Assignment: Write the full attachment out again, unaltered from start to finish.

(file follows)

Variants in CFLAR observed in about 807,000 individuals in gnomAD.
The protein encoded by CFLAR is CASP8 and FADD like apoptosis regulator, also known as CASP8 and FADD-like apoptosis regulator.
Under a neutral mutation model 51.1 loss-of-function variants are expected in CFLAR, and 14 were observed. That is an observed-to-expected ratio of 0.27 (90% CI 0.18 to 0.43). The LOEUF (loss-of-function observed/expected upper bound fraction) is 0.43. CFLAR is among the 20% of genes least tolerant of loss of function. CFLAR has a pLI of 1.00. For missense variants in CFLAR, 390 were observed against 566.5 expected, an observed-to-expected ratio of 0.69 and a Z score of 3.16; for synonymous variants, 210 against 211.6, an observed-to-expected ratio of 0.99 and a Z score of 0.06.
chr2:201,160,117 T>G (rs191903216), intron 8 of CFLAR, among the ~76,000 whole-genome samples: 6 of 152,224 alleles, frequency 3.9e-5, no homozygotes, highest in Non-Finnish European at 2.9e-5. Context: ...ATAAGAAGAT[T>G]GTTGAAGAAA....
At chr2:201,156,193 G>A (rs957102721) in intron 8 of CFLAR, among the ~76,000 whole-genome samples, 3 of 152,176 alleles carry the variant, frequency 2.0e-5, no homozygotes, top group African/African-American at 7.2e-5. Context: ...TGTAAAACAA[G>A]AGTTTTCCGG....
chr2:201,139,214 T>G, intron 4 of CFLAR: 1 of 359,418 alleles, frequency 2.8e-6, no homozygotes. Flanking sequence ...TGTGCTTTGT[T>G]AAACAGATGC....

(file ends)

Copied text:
Variants in CFLAR observed in about 807,000 individuals in gnomAD.
The protein encoded by CFLAR is CASP8 and FADD like apoptosis regulator, also known as CASP8 and FADD-like apoptosis regulator.
Under a neutral mutation model 51.1 loss-of-function variants are expected in CFLAR, and 14 were observed. That is an observed-to-expected ratio of 0.27 (90% CI 0.18 to 0.43). The LOEUF (loss-of-function observed/expected upper bound fraction) is 0.43. CFLAR is among the 20% of genes least tolerant of loss of function. CFLAR has a pLI of 1.00. For missense variants in CFLAR, 390 were observed against 566.5 expected, an observed-to-expected ratio of 0.69 and a Z score of 3.16; for synonymous variants, 210 against 211.6, an observed-to-expected ratio of 0.99 and a Z score of 0.06.
chr2:201,160,117 T>G (rs191903216), intron 8 of CFLAR, among the ~76,000 whole-genome samples: 6 of 152,224 alleles, frequency 3.9e-5, no homozygotes, highest in Non-Finnish European at 2.9e-5. Context: ...ATAAGAAGAT[T>G]GTTGAAGAAA....
At chr2:201,156,193 G>A (rs957102721) in intron 8 of CFLAR, among the ~76,000 whole-genome samples, 3 of 152,176 alleles carry the variant, frequency 2.0e-5, no homozygotes, top group African/African-American at 7.2e-5. Context: ...TGTAAAACAA[G>A]AGTTTTCCGG....
chr2:201,139,214 T>G, intron 4 of CFLAR: 1 of 359,418 alleles, frequency 2.8e-6, no homozygotes. Flanking sequence ...TGTGCTTTGT[T>G]AAACAGATGC....